SMB Digest Volume 18 Issue 11

March 16, 2018
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Issue’s Topics:

From: Tony Nance <>
Date: Tue, Mar 13, 2018 at 5:14 PM
Subject: MBI Online Mathematical Biology Colloquium, March 21

MBI Online Mathematical Biology Colloquium
Wednesday March 21, 2018 at Noon Eastern Time

Philip Maini (Centre for Mathematical Biology, University of Oxford)

Modelling Collective Cell Motion in Biology

Details of how to participate can be found on the National Colloquium
webpage below. To view this live event you will need to register on the
event page. You may register at any time

Next Online Colloquium:
April 18
Marc Suchard: High-dimensional Phenotypes on Evolutionary Trees:
Efficient Algorithms and New Models


From: Kathleen Wilkie <>
Date: Wed, Mar 14, 2018 at 3:22 AM
Subject: CAIMS annual meeting, Toronto, June 4-7

The 2018 Annual Meeting of the Canadian Applied and Industrial
Mathematics Society (CAIMS) will be held on June 4-7 at Ryerson
University, Toronto, ON.

The website for this meeting is:

Scientific Themes include:
* Combinatorial Optimization
* Computational Mathematics and Applications
* Financial Mathematics
* Fluid Dynamics
* Mathematics of Disease and Ecology

Plenary Speakers include:
* William J. Cook, University of Waterloo
* Linda Petzold, UC Santa Barbara
* Beatrice Acciaio, London School of Economics
* Bruce Sutherland, University of Alberta
* Caroline Colijn, Imperial College London / Simon Fraser University

The call for abstracts is now open. Please submit your abstract for
contributed talks and poster presentations here:

Abstract submission will close on April 15, 2018.

The conference registration page is now open:

The early bird deadline is May 4, 2018, if you want to enjoy the
reduced rate.

We are looking forward to seeing you in Toronto!


From: Ruediger Thul <>
Date: Tue, Mar 13, 2018 at 2:37 PM
Subject: Workshop: Spatial Cell signalling, Nottingham, May 30

The seventh Mathematics in Life Sciences (MiLS) meeting will focus on
“Spatial cell signalling” and will take place on the 30th of May 2018
from 11am to 5pm at the University of Nottingham.

The workshop will bring together researchers working at the interface
of mathematical, modelling, and biological aspects of
spatially-extended cell signalling. We are broadly interested in
models where signalling cascades are spatially distributed either at
the sub-cellular or cellular level. Studying these models naturally
requires techniques from multi-scale analysis to resolve the
biologically relevant scales and dynamics. Examples include the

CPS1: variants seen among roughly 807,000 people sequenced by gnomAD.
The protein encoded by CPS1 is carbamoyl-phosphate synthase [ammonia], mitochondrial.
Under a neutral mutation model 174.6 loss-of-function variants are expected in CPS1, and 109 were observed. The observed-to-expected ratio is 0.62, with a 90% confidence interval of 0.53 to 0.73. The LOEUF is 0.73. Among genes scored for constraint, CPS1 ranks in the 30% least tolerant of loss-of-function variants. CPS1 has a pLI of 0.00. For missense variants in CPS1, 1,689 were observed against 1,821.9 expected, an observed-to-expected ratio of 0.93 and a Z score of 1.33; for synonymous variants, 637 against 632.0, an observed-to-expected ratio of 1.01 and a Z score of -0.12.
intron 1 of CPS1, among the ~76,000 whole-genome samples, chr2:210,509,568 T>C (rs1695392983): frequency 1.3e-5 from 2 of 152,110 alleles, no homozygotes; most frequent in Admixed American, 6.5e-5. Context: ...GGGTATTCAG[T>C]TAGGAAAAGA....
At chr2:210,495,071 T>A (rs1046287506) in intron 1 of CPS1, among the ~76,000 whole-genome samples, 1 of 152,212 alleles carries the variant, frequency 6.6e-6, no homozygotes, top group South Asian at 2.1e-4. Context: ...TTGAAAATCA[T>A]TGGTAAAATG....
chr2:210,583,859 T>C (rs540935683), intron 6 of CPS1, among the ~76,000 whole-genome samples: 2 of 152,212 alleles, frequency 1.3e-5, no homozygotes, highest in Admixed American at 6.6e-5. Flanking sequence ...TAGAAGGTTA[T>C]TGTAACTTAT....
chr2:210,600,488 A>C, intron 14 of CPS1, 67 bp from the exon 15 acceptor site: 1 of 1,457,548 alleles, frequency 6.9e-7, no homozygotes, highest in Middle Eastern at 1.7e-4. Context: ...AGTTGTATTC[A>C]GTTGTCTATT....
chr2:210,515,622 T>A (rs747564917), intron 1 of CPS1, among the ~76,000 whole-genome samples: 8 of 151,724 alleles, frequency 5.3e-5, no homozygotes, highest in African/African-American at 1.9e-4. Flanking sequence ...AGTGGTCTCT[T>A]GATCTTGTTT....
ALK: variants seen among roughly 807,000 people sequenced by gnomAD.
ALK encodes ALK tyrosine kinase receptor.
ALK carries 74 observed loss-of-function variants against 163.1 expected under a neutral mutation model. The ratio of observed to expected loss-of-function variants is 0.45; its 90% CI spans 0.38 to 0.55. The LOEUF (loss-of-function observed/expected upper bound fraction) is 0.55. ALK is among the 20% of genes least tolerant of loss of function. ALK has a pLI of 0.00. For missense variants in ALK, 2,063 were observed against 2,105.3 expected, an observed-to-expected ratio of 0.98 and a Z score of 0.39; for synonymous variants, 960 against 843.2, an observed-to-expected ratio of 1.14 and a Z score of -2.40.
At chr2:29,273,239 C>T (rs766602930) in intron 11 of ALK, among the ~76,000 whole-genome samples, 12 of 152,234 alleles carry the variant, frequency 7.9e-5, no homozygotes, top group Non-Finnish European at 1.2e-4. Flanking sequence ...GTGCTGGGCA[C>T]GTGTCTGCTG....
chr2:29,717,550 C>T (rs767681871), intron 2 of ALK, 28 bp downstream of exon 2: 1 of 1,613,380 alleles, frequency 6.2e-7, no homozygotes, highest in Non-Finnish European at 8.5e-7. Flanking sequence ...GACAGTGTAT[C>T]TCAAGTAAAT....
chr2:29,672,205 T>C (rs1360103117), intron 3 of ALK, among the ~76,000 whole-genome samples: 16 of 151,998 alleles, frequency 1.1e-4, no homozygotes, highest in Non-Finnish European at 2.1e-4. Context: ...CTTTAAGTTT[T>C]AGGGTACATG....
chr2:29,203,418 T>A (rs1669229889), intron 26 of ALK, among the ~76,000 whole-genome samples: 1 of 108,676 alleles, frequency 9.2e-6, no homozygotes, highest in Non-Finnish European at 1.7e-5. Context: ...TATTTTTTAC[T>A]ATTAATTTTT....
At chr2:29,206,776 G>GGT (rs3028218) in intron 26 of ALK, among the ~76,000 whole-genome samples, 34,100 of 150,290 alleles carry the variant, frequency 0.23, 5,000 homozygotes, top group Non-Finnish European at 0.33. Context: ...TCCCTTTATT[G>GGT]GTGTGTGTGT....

formation of single-cell polarity, intracellular morphogenesis,
changes in cell shapes, membrane dynamics, and signalling

The meeting will consist of three review talks aimed at non-experts,
combined with several contributed research talks. The review talks
will be given by Andrew Goryachev (University of Edinburgh), Stan
Maree (John Innes Centre), and Claire Grierson (University of

We invite submissions for contributed talks, especially from early
career researchers and postgraduate students. If you are interested in
giving a talk, please send a title and abstract to Rüdiger Thul
( and Daniele Avitabile

You can find out more about MiLS at


From: Marcus Tindall <>
Date: Thu, Mar 8, 2018 at 1:36 PM
Subject: UK QSP Network – 2nd Exchange Workshop, Reading, July 2-4

UK Quantitative Systems Pharmacology Network – 2nd Exchange Workshop
2nd to 4th July 2018
University of Reading, UK.


Confirmed invited speakers: Richard Clayton (Sheffield), Richard
Currie (Syngenta), Adam Darwich (Manchester), Douglas Ferguson
(AstraZeneca), Steven Niederer (Kings College London)

Quantitative Systems Pharmacology (QSP) is a new emerging area of
science. It brings a systems approach to the development of
pharmaceuticals, using quantitative approaches such as mathematical
modelling and data analysis to integrate subcellular genetic and
protein-protein interaction networks with body scale information and
clinical data.

This second Exchange Workshop of the UK QSP Network will focus on
drug absorption, clinical data & modelling, toxicology and adverse
events, validation & uncertainty quantification, and future
application areas for QSP. Further details, including important dates
and a draft programme, can be found at

Half page abstracts related to any of the above themes are invited.
Abstracts need to include a talk title, speaker name and
affiliation(s) and should be e-mailed to Marcus Tindall
(m dot tindall at reading dot ac dot uk) by 23RD MARCH. Speakers of
accepted abstracts will be advised by 16th April.